Victoria Rose is a Los Angeles based, award-winning screenwriter and an emerging presence in the industry. She attended the University of Southern California where she earned a Master of Fine Arts in Film Production with an emphasis in Writing.
How young and how hungry do you need to be to win a place on the Young & Hungry list?
I don’t think you have to be young, you just have to be somewhat undiscovered, or on the precipice of your screenwriting career, but I imagine you have to be pretty hungry.
Describe your unique personal and professional background and the specific project that attracted industry interest?
I’m from Los Angeles, but don’t have any family in the business. I grew up with a single mom who was a psychologist, and that started my interest in people and why we do what we do. Essentially, my mom’s career got me interested in character. And I was always a voracious reader. Professionally, I went to USC for undergrad and grad school, studying film history and production, which propelled me forward on my career trajectory.
The main project I’ve worked on that has attracted industry interest is my feature film script, Tunnels. People seem to like the specificity of the world and the complexity of the characters.
What personal qualities do screenwriters need to make it?
You have to want to do this really badly. You have to believe in your own talent and abilities and stories, because sometimes no one else will. I think tenacity is probably the most important trait. Also just being curious and having opinions about the world and wanting to share those observations or ideas.
Why did you decide to become a screenwriter above all other careers?
Screenwriting, and writing in general, combines all of my interests. I have a theater background, so I’ve always loved entertainment and transporting audiences, whether it’s to share a message or as a form of escapism. I also love reading and words and psychology and film.
Screenwriting makes the most sense for me. I do hope to publish a book or two one day, as I love fiction writing, as well. But for now, with screenwriting – there is nothing I’d rather do – no matter how hard it may be to get ahead.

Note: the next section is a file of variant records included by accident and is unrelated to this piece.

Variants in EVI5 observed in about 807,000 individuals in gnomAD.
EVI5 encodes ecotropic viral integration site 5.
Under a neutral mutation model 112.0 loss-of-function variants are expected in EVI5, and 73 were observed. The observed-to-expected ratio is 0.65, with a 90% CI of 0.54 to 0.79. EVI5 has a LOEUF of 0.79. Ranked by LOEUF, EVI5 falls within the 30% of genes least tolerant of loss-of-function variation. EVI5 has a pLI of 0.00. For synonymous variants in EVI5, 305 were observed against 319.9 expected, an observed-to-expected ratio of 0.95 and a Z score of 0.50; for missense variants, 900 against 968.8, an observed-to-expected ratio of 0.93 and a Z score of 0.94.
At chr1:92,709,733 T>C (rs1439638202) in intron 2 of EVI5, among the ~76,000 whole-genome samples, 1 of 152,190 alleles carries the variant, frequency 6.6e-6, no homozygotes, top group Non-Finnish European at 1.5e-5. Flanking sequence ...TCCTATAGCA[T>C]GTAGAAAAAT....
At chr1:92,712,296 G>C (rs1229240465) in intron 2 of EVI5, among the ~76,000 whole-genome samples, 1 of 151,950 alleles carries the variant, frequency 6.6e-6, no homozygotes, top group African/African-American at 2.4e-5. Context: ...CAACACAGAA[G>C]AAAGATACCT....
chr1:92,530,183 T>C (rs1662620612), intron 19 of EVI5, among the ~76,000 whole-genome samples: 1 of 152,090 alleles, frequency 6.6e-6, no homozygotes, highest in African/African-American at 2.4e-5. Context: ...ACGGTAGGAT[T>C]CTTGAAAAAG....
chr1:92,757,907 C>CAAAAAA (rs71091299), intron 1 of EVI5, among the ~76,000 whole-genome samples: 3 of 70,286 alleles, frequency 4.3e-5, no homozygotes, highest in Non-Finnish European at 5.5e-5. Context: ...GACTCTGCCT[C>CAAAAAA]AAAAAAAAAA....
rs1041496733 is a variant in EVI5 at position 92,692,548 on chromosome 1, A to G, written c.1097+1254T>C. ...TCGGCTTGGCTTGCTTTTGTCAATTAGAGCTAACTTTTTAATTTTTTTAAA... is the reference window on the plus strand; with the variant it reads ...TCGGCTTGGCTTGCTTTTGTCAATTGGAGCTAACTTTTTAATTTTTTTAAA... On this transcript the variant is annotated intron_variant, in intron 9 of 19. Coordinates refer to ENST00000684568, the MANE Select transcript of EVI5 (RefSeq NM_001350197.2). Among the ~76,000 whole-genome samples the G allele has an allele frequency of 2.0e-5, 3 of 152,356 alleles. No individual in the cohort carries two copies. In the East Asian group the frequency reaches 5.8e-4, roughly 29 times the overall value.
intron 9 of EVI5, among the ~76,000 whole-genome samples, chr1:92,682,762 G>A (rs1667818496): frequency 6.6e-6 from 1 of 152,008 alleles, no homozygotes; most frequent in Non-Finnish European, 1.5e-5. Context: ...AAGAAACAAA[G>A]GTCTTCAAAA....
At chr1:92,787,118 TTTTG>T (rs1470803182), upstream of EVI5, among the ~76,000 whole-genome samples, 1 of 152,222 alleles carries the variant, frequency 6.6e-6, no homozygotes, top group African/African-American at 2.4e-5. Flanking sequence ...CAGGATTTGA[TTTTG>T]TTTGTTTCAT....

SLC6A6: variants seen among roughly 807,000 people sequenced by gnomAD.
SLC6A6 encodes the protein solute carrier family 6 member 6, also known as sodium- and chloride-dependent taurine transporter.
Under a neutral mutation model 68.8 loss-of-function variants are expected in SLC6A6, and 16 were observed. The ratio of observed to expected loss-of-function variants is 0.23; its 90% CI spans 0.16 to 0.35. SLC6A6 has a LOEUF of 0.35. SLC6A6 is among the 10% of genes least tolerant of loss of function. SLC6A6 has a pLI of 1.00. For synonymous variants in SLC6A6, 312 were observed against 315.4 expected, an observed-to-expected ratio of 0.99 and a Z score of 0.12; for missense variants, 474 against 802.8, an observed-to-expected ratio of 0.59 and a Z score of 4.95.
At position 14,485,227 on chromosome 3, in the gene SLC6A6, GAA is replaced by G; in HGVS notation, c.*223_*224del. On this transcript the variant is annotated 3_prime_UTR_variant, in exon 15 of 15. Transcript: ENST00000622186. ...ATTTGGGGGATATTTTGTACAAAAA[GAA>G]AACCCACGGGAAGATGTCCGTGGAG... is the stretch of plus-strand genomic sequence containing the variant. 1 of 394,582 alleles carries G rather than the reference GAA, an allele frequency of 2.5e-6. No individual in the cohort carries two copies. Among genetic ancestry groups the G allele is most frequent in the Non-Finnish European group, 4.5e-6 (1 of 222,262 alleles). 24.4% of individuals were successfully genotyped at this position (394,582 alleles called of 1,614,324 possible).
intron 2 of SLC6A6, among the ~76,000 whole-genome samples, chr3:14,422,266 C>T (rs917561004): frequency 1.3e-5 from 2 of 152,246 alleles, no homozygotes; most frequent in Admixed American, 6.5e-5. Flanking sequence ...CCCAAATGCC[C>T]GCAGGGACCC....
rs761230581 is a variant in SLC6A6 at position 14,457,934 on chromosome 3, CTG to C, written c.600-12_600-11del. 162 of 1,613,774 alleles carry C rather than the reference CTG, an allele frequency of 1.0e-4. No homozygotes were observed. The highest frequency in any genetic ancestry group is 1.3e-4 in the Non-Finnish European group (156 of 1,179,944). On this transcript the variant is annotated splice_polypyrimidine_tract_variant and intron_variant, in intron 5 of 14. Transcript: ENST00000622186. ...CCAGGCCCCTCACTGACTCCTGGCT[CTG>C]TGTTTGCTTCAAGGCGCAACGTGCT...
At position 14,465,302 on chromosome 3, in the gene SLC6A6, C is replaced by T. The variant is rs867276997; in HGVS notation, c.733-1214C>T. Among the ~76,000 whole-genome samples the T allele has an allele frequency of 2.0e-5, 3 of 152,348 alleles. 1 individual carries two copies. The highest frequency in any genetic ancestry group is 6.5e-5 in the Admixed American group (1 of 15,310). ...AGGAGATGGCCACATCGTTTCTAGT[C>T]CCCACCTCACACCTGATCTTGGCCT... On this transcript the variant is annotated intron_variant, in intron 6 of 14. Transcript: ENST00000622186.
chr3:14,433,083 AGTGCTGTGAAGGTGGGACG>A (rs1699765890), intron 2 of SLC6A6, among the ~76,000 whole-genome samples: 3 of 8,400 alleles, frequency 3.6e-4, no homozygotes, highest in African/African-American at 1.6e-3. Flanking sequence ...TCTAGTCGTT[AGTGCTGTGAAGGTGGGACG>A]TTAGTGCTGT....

How do you become manager bait?
I think it’s important to be amicable and easy to work with. You also have to care about your career a lot and show that you will work hard when presented with the right opportunities. Most importantly, agents and managers will want to rep someone based on their material. So I think it really comes down to having similar taste in movies and TV.
Where do you get your creative inspiration?
A conversation with a friend. An interaction I see on the street. My own personal experience. Interesting articles or other forms of media.
How do you decide which ideas are worthy of pursuing?
Some ideas are more exciting to me personally. And those are the ones that will end up being the best scripts because of the passion I have for the subject matter. There are also ideas other people respond more positively to, and so I will definitely take that into consideration. I usually talk about my ideas with my friends and reps and see how they react, but ultimately I will pursue the ideas that are the most important to me or that I feel need to be told.
Do you have a writing brand in terms of interests you gravitate towards?
I gravitate towards coming-of-age and unlikely friendship stories. I’m also drawn to identity and empathy, thematically. I’m into character-based dramedies, but also love a good thriller.
How do characterize the current state of the industry and opportunities for emerging writers?
I’ve been writing professionally for four years, so I’m not sure how things were before. I’d still say it’s pretty difficult to make a name for yourself and get ahead, but it seems like people are finally appreciating all kinds of voices and providing opportunities that reflect that.
How do you train and improve your writing craft?
I initially learned in a school setting, with a critical studies in cinema major, and then with a film production masters. Since graduating, I improve by reading scripts, watching a lot of movies and TV shows, and discussing what works and doesn’t work, and writing every day.
What are the qualities of scripts you read that don’t get industry interest?
I think you have to have something new to say and it has to be very specific. If your script has vague characters and a predictable plot, I’m not sure anyone would be interested.
What advice do you have for screenwriters wanting to make next year’s Young & Hungry list?
Keep pushing. Meet with people. Ask them to read your scripts. Be gracious.
What is something that few people know about you?
Few people know this but… I’m an open book ????